Monday, November 26, 2007

Keep plastic outta my sushi

It seems a little self-promoting to post my own article here, but as its related to disposable issues, what they heck. A column I wrote for the Santa Monica Mirror, on Santa Monica's efforts to ban styrofoam and non-recyclable plastics.

For those that make the astute obervation that sushi-eating is hardly a green lifestyle practice, it's a metaphor. Though I admit sushi is one of my guilty pleasures....

My lovely photographer friend Rebecca was gracious enough to take this photo at the Grateful Bread on VERY short notice. If you find yourself with a mad cupcake craving after visiting her delicious website, trust me, you're not alone.

Monday, November 12, 2007


This week on American Public Media, CONSUMED, an excellent series about overconsumption, sustainability and how/if to reconcile the two....

Can we really expect to green-shop our way out of this mess?

Half-listening this morning while multi-tasking, I stopped in my tracks to focus, finding myself cheering silently at what I was hearing. We're burning up copious amounts of petroleum to fuel our voracious appetites for stuff - new stuff certainly don't need, flown in from all over the world.....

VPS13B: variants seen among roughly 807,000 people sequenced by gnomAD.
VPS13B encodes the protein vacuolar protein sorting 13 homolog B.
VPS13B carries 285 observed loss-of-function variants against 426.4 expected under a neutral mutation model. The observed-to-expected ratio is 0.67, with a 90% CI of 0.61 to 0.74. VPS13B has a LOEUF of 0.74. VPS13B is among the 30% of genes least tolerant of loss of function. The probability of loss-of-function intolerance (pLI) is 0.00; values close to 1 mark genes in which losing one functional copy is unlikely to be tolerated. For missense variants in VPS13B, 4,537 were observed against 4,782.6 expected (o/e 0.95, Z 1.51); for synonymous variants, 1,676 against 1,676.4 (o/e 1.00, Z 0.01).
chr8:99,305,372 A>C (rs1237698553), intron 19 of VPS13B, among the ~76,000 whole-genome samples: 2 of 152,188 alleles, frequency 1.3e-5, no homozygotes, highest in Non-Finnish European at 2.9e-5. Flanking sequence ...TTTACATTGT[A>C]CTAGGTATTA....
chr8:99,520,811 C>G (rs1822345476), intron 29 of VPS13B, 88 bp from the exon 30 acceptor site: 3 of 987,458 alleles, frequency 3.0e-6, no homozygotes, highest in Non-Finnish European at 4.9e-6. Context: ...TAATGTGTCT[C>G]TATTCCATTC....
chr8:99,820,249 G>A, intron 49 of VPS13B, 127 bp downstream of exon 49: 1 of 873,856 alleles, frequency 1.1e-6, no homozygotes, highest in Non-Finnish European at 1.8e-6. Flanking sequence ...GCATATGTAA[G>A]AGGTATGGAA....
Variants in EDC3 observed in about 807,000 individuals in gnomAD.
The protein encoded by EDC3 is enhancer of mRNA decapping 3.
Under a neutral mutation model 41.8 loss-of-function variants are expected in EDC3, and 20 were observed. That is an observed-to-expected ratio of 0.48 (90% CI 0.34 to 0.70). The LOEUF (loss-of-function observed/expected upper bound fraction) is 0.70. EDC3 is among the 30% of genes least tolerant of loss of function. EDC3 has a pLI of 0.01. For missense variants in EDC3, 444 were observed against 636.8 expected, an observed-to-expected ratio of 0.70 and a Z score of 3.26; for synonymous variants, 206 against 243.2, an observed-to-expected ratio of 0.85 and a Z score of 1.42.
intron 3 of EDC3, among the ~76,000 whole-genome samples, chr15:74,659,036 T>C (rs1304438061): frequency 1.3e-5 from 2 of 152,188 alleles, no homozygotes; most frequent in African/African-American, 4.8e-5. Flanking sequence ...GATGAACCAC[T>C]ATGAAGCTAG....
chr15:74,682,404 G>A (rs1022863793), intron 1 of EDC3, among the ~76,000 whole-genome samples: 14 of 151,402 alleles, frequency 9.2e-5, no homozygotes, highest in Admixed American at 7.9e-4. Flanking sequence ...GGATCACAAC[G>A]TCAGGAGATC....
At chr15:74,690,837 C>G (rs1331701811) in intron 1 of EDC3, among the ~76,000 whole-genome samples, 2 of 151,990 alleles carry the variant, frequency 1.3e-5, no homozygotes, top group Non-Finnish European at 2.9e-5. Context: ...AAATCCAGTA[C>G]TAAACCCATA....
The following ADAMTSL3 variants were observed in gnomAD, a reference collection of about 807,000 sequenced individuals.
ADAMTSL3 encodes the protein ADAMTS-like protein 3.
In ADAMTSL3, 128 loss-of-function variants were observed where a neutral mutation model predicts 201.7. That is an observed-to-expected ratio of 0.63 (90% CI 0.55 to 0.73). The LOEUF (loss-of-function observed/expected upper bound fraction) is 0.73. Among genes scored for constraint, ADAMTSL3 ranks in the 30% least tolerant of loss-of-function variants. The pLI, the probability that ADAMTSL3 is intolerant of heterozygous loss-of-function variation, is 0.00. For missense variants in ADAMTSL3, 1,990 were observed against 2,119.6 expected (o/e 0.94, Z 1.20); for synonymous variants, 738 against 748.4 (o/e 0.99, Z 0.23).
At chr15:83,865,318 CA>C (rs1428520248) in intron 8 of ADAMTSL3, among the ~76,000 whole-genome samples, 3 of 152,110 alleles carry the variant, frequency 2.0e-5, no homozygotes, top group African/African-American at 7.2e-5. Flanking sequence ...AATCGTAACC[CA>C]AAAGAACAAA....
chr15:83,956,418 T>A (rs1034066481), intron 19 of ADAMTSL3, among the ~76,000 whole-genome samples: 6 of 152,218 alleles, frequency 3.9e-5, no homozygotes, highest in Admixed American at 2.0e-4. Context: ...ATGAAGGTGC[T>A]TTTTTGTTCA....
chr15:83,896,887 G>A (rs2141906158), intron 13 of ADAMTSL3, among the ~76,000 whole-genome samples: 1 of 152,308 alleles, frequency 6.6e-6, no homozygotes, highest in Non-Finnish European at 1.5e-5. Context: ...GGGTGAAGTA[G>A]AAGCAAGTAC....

And the real costs for this transcends the price tag big time. Pollution, climate change, environmental about the human costs - the thousands of lives lost to date in the war, so that we may continue our gas guzzling ways?

According to commentator Robert Frank, we need economic structures in place that demand us to pay the real price for consumer goods:

"The simplest solution would be a carbon tax that would force consumers to confront the environmental impact of their purchasing decisions. Such a tax would raise the price of fuel sharply -- stuff from distant places would become much more expensive, and most people would buy much less of it."

He seems well aware that this would hardly fly with our current admin:

"A carbon tax proposal would be dead-on-arrival in Washington. If so, our problem is not that we don't know how to make the economy sustainable. Rather, it's that we simply lack the political will."

Check out this and other stories on Consumed: is our consumer society sustainable?

Thursday, November 08, 2007

Puente Hills Landfill: seen from Google Earth

A modern day measure of magnitude: can you see it on Google Earth?

Here it is, the Puente Hills Landfill, the largest in the nation.

Landfiills are a pretty fascinating metaphor for the way we deal with our waste. Out of sight, out of --

wait-- not so fast - the landfill is slated to shut down in 2013.

After which time, we'll be sending all of our crap out to Arizona, to the Mequite Regional Landfill, currently in the works. Any Arizoneans out there feeling a NIMBY twinge?

If this leaves you hungry for more landfill tidbits, good news: our local dump will be the subject of an upcoming Forecast Earth series, featuring Marcus Eriksen, shown here with a BYO bag. Looks like a suggestion we can't refuse.......